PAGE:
EDITORIAL: Don't neglect your mental health this semester, reach out and get help
Winter is the worst time for mental health.
When the sun sometimes doesn't shine for days and the cold winter winds can make you want to stay in your bed all day, we are at our most susceptible for Seasonal Affective Disorder (SAD) or seasonal depression. It affects roughly 5 percent of the population.
That number only goes up the further north you go, according to a report by USA Today about seasonal depression on college campuses.
If you take a look outside right now, it's not hard to see why.
SAD affects your motivation — tasks that once came to you effortlessly might seem like a struggle. It affects your appetite, making you want to overload on carbohydrates that could affect weight gain. Worst of all, SAD can make you want to isolate yourself and avoid seeking help.
If this is you, know there are resources on campus to help.
The CMU Counseling Center is available on-campus for students in Foust Hall and is open Monday through Friday. You can make an appointment by calling 989-774-3381, or let them know if you need to been seen immediately — they will make room for you.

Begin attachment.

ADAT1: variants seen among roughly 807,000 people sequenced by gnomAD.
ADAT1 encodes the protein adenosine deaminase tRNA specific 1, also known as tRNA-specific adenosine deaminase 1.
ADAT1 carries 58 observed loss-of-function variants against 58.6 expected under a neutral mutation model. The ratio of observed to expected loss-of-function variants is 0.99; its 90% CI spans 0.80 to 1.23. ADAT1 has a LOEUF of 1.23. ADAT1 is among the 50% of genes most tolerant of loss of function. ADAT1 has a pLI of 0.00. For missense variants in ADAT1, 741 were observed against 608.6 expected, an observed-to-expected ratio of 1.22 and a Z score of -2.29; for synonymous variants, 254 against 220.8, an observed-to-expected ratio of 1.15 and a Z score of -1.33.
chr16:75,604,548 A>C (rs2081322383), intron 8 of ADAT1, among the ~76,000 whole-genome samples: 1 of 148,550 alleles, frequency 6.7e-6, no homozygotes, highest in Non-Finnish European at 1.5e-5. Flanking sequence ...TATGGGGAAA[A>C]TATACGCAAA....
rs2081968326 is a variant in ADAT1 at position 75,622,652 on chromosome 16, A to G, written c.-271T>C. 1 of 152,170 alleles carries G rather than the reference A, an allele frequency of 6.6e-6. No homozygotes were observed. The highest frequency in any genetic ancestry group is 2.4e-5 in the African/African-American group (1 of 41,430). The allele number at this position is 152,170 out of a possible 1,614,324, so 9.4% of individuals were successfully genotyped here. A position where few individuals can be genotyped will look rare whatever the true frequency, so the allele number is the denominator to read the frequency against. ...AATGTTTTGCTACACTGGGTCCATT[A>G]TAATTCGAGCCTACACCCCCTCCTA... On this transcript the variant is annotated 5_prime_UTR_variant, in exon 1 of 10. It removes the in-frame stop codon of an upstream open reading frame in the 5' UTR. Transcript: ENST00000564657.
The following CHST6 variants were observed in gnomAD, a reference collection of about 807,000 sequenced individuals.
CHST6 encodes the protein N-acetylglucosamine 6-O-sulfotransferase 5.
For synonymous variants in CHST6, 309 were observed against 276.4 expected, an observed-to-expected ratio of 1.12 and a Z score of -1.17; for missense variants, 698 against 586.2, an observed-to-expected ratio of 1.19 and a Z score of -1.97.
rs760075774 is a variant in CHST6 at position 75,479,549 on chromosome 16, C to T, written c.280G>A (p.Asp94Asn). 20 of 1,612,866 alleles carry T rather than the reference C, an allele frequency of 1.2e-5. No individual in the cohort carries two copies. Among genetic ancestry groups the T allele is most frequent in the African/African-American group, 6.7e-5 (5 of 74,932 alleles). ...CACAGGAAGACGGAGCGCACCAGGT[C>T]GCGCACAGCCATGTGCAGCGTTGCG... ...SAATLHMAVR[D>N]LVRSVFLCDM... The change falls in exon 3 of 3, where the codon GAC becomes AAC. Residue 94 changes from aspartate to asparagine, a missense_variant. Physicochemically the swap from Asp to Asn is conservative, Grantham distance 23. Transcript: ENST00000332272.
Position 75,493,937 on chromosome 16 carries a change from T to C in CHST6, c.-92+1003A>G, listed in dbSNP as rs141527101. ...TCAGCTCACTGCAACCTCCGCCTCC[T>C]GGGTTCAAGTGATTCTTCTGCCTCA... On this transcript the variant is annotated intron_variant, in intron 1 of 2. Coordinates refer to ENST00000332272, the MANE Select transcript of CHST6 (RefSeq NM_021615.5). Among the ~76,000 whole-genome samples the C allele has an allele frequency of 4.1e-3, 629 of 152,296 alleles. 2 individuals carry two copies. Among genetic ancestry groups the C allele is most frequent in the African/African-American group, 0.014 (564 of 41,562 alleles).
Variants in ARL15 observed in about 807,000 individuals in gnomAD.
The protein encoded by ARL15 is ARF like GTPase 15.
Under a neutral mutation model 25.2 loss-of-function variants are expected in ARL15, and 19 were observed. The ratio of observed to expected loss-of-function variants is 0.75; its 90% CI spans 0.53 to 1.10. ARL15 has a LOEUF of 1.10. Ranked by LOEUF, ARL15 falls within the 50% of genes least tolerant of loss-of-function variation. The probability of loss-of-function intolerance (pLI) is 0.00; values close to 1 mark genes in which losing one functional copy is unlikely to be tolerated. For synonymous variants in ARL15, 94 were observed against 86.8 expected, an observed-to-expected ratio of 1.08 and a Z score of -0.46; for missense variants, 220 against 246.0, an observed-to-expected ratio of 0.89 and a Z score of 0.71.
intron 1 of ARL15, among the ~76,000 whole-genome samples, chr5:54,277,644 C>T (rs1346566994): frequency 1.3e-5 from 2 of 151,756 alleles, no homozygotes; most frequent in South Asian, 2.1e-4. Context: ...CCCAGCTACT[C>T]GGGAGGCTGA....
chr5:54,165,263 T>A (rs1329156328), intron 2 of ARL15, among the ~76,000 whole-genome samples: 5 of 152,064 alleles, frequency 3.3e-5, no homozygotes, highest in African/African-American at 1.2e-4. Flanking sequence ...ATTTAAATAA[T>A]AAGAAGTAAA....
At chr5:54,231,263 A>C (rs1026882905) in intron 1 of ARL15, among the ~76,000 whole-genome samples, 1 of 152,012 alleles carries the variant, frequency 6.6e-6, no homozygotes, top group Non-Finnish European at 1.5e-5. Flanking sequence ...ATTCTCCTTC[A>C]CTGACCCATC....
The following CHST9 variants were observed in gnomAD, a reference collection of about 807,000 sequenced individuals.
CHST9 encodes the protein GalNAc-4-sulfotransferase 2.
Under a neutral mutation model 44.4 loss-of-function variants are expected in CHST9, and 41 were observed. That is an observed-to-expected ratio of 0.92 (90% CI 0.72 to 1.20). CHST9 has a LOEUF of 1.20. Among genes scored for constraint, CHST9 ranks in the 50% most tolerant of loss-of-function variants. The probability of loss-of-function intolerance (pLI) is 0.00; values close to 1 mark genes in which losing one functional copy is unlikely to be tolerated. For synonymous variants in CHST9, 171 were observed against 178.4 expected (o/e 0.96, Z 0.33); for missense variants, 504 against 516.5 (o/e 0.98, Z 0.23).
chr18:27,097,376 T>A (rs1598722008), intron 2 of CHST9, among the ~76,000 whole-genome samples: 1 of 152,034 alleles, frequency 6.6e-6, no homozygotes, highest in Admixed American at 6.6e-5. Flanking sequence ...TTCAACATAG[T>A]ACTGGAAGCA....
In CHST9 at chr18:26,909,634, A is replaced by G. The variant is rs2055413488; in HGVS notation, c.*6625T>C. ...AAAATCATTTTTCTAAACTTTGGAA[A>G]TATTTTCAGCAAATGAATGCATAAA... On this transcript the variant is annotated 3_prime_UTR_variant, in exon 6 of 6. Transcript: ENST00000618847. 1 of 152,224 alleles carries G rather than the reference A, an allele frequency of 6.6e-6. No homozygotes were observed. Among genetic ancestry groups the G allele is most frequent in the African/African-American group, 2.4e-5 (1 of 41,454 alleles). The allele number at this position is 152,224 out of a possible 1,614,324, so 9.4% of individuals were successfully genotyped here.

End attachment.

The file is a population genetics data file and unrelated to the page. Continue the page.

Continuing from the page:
If you fear you need immediate counseling help, Listening Ear operates 24-hours a day and can be reached at 989-772-2918. For students with disabilities — hard of hearing, muteness or other auditory or verbal communication issues — the national Crisis Text Line is also available 24/7 by texting START to 741-741.
It can be hard to make that initial contact. But when in the grips of SAD, you're not thinking clearly and you can convince yourself nothing will get better.
But it will.
We want to make 2018 a year where each CMU student knows they are valued and wanted on campus. We want to make it to the end of this year with the same number of students as who started it.
The first step is asking for help.
Make the call.